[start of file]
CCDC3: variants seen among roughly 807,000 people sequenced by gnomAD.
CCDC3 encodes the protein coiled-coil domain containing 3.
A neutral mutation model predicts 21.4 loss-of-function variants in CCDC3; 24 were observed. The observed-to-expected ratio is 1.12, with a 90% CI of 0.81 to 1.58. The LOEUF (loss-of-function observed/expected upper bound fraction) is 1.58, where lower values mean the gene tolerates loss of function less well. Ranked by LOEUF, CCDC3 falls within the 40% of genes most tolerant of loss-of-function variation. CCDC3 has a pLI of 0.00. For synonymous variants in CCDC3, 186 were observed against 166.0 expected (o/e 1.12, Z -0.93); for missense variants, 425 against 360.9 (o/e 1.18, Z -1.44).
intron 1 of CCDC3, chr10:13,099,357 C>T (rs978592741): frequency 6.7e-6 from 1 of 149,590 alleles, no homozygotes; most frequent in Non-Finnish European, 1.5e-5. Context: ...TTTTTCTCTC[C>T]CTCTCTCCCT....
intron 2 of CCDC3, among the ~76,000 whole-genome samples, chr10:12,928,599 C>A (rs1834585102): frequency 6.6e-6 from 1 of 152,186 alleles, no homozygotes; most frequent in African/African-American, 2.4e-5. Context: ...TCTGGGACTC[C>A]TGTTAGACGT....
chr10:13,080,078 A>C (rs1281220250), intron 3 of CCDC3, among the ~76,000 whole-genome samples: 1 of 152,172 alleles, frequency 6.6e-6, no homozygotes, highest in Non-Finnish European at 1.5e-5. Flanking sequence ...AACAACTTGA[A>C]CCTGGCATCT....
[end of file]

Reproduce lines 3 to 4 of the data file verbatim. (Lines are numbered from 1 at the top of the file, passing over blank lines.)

A neutral mutation model predicts 21.4 loss-of-function variants in CCDC3; 24 were observed. The observed-to-expected ratio is 1.12, with a 90% CI of 0.81 to 1.58. The LOEUF (loss-of-function observed/expected upper bound fraction) is 1.58, where lower values mean the gene tolerates loss of function less well. Ranked by LOEUF, CCDC3 falls within the 40% of genes most tolerant of loss-of-function variation. CCDC3 has a pLI of 0.00. For synonymous variants in CCDC3, 186 were observed against 166.0 expected (o/e 1.12, Z -0.93); for missense variants, 425 against 360.9 (o/e 1.18, Z -1.44).
intron 1 of CCDC3, chr10:13,099,357 C>T (rs978592741): frequency 6.7e-6 from 1 of 149,590 alleles, no homozygotes; most frequent in Non-Finnish European, 1.5e-5. Context: ...TTTTTCTCTC[C>T]CTCTCTCCCT....